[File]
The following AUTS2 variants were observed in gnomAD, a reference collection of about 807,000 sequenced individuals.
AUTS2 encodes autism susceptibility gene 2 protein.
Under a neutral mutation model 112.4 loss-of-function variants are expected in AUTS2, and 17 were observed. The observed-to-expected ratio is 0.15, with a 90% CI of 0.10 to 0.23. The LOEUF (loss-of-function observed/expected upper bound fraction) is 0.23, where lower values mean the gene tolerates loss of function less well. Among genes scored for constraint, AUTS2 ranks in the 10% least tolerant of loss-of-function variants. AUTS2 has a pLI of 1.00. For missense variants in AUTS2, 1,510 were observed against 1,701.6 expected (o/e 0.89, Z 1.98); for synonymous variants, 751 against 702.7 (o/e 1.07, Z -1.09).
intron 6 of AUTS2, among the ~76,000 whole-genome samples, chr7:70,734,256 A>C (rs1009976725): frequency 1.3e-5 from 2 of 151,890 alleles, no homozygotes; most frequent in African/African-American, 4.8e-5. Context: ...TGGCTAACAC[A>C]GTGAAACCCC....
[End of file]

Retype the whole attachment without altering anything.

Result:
The following AUTS2 variants were observed in gnomAD, a reference collection of about 807,000 sequenced individuals.
AUTS2 encodes autism susceptibility gene 2 protein.
Under a neutral mutation model 112.4 loss-of-function variants are expected in AUTS2, and 17 were observed. The observed-to-expected ratio is 0.15, with a 90% CI of 0.10 to 0.23. The LOEUF (loss-of-function observed/expected upper bound fraction) is 0.23, where lower values mean the gene tolerates loss of function less well. Among genes scored for constraint, AUTS2 ranks in the 10% least tolerant of loss-of-function variants. AUTS2 has a pLI of 1.00. For missense variants in AUTS2, 1,510 were observed against 1,701.6 expected (o/e 0.89, Z 1.98); for synonymous variants, 751 against 702.7 (o/e 1.07, Z -1.09).
intron 6 of AUTS2, among the ~76,000 whole-genome samples, chr7:70,734,256 A>C (rs1009976725): frequency 1.3e-5 from 2 of 151,890 alleles, no homozygotes; most frequent in African/African-American, 4.8e-5. Context: ...TGGCTAACAC[A>C]GTGAAACCCC....